Nearly 200 attendees tuned in for Jackson’s online panel discussion, “The Power of Protest: Human Rights at Home and Abroad,” on June 25, 2020.

The discussion, moderated by Ambassador Harry K. Thomas, Jr., Jackson Senior Fellow and former U.S. Ambassador to Zimbabwe, the Philippines, and Bangladesh, and Deanna Johnson, Jackson MA student, included the following guest speakers:

  • Alonzo Fulgham, former Chief Operating Officer and Acting Administrator of the U.S. Agency for International Development (USAID)
  • Randall F. Inniss, defense attorney, former Director of Security for the National Basketball Association, and New York State Police Trooper
  • Ambassador Susan Page, former U.S. Ambassador to South Sudan
  • Ambassador Bisa Williams, former U.S. Ambassador to Niger and Deputy Assistant Secretary of State for Western Hemisphere Affairs

During the panel, participants discussed the current protests and events surrounding the murders of Breonna Taylor, Rayshard Brooks, and George Floyd, among others and how they may translate into policy change both within the United States and abroad.

Ambassador Page highlighted the importance of US accountability and noted that the present events should be part of a “moment of self-criticism” as the United States strives to create “a more perfect union.” She also mentioned the importance of working within the legal and constitutional frameworks of other nations to carry out effective foreign policy that addresses inequalities and protects human rights.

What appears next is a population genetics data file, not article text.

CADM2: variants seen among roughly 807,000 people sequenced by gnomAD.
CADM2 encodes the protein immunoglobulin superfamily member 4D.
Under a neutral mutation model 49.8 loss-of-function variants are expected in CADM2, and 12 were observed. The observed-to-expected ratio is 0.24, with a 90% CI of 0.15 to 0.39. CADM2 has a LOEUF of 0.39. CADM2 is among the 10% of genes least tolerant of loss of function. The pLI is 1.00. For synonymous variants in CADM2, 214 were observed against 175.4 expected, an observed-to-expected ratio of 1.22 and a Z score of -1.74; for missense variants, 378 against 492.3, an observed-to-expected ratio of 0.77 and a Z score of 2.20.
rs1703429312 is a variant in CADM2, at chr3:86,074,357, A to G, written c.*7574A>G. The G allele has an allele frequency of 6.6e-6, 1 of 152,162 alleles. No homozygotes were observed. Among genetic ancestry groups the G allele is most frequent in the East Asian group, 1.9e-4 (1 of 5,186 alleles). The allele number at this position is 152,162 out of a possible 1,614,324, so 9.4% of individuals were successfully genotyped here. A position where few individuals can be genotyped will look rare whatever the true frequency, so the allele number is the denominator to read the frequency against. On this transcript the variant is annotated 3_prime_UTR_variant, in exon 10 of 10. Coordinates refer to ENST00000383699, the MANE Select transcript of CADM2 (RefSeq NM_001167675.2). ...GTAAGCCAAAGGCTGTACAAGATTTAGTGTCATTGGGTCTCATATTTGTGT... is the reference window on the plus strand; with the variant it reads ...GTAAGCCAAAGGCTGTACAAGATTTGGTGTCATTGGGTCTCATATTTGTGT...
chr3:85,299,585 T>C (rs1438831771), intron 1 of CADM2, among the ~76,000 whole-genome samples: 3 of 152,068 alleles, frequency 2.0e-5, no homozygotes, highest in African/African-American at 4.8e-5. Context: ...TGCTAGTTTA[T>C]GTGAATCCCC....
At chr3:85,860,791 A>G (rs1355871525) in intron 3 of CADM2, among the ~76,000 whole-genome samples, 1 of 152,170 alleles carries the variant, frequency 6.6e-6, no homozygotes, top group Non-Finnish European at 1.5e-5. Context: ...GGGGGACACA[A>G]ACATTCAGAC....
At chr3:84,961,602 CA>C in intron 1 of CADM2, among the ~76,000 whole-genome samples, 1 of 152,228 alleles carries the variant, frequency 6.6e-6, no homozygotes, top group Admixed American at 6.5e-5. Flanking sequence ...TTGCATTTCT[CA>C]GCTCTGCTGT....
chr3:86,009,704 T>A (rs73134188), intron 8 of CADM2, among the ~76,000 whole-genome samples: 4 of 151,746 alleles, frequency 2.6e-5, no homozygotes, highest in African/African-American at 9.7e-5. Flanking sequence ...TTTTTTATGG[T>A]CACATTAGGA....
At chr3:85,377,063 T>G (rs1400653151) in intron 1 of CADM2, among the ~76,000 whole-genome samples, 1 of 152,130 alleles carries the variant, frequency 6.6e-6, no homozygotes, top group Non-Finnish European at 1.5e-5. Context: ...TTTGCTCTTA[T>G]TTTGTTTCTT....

Fulgham discussed the importance of Black policymakers in constructing creative, culturally appropriate, and sustainable solutions to the world’s biggest issues. He also underscored the importance of collaboration and cooperation in foreign policy approaches and states that Black practitioners must be trained to have a seat at the table because “they are going to be just as effective as their white colleagues.”

Ambassador Williams mentioned that institutions should make “diversity a reality in every sector of life.” She also indicated that policy schools and programs should expand the practical approaches typically employed to solving issues. “We need to talk to the farmer as well as to the university professor or the analyst,” she said, because by including the voices of those directly affected, the policies developed will be more effective and appropriate.

Inniss discussed the role of security and police departments, noting the differences in defunding and deconstructing police forces. He gave examples of how funds produced from defunding efforts may be used for social workers and other professionals. Inniss also cited the example of the country of Georgia, which dismantled its own police force and slowly hired a new force.

Panelists also discussed the role of private companies in the current movement as well as community and activist leadership, US credibility abroad, and similarities between the Black Lives Matter protests and the Hong Kong protests.

Watch a recording of the discussion